ISSF audit finds 23 of 25 seafood companies compliant with sustainable fishing measures

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Twenty-three of 25 companies partnered with the International Seafood Sustainability Foundation (ISSF) were operating in 100 percent compliance with the organization’s sustainable fishing measures, according to a new report.

The nonprofit’s Annual Conservation Measures and Commitments Compliance Report records participating companies’ progress in following the best practices for sustaining tuna fisheries all around the world. The report tracks conformance across 33 conservation measures, including:

  • submitting quarterly purchase data by vessel, dates, species, and size;
  • working only with longline vessels that have policies protecting sharks and marine turtles;
  • avoiding work with vessels engaged in shark finning or that are on the regional fishery management organization IUU lists, and;
  • only conducting transactions with purse-seine vessels who have received best practices information from ISSF.

The annual audit is conducted independently by MRAG Americas, a consultancy operating out of Essex, Massachusetts, U.S.A.

The most recent edition found 99.8 percent conformance – a slight increase from last year, when ISSF reported 99.6 percent conformance.

“In an era when sustainability pledges in the private sector are becoming increasingly commonplace, ISSF participating companies continue to stand out in their commitment to a rigorous, transparent audit and compliance process,” ISSF President Susan Jackson said in a statement. “We cannot take for granted the value of this consistent, public reporting on the business practices of the world’s leading tuna companies – even as we mark the ninth year of the ISSF approach.”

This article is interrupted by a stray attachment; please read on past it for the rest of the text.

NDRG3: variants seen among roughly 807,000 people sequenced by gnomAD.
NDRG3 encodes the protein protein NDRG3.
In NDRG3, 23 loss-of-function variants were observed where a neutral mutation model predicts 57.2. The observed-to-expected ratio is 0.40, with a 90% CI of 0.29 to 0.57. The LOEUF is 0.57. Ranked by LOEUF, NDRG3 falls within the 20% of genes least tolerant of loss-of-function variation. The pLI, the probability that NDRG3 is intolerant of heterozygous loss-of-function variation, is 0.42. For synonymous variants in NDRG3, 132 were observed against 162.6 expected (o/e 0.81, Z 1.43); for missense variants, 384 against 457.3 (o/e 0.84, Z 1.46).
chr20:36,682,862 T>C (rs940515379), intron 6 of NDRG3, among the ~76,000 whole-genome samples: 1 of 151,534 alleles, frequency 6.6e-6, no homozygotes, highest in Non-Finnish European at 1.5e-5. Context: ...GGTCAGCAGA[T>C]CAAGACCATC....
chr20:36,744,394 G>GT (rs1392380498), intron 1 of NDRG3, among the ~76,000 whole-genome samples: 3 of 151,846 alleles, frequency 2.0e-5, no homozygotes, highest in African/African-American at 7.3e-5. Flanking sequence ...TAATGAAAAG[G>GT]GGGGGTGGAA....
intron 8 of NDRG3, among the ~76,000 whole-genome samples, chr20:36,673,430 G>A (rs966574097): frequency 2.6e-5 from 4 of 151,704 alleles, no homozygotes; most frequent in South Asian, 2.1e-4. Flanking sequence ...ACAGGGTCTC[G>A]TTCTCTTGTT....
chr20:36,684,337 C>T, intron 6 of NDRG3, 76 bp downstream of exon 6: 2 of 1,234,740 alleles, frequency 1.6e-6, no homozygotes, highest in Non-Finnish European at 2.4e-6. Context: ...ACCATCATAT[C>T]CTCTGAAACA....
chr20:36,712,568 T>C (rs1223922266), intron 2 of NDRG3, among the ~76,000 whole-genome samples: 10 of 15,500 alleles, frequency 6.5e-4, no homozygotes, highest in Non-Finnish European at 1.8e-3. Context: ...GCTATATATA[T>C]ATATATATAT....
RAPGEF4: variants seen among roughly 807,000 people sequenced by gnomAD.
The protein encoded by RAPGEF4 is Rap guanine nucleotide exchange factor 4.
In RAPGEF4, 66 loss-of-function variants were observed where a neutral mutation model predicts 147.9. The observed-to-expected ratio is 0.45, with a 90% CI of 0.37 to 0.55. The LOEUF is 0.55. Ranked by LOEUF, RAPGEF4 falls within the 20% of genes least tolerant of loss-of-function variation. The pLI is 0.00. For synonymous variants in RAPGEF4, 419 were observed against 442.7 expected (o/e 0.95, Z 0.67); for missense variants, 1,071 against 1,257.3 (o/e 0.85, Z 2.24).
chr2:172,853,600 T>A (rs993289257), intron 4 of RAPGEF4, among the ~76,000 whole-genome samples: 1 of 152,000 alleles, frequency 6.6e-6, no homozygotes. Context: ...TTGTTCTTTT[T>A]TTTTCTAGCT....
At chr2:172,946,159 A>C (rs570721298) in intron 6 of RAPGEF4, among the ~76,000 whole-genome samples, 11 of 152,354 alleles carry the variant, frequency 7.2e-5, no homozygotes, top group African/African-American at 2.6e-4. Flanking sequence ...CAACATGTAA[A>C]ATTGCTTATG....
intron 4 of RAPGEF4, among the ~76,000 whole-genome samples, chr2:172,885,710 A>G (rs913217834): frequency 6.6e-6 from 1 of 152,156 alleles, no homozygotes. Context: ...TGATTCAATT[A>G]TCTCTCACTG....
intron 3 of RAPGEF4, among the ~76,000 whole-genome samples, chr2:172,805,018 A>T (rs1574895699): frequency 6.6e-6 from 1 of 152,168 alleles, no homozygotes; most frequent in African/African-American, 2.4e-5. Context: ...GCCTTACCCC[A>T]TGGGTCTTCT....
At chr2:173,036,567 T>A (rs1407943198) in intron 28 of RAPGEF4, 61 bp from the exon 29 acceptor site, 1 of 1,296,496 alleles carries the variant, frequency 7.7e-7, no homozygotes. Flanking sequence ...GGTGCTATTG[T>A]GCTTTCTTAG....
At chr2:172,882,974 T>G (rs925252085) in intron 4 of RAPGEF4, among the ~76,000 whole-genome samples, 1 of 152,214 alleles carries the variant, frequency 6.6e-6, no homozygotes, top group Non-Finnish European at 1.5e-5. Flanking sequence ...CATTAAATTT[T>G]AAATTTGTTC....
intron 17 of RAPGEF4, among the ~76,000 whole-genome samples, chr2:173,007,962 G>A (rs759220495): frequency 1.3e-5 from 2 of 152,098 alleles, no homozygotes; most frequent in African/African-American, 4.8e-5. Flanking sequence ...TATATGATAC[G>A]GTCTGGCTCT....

ISSF said the only issues the audit found were with two companies – Bellevue, Washington, U.S.A.-based Tri Marine and Philippines-based General Tuna Corporation, which had minor problems with “labeling by species and area of capture.” The report will be updated in the fourth quarter to reflect any improvements, ISSF said.

Released last month, ISSF’s most-recent “Status of the Stocks” report found both positive and negative developments for global tuna fisheries. Although 85 percent of the catch came from stocks with a healthy level of abundance – a 6 percent increase over ISSF’s 2022 report – 11 percent came from overfished stocks, a 2 percent increase over last year’s figures.

In 2022, ISSF unveiled a new strategic plan with a goal of having all participating companies sourcing tuna from Marine Stewardship Council-certified fisheries by 2027.

“The new plan helps us build on our successes to-date – like gains in transparency and accountability in tuna fisheries, as well as sustainable fishing innovations – while also tuning into today’s sustainability landscape,” Jackson said at the time. “We’re newly outlining our theory of change and a five-year goal – both of which emphasize the theme of continuous improvement. The Marine Stewardship Council fisheries standard remains central to ISSF’s objective.”


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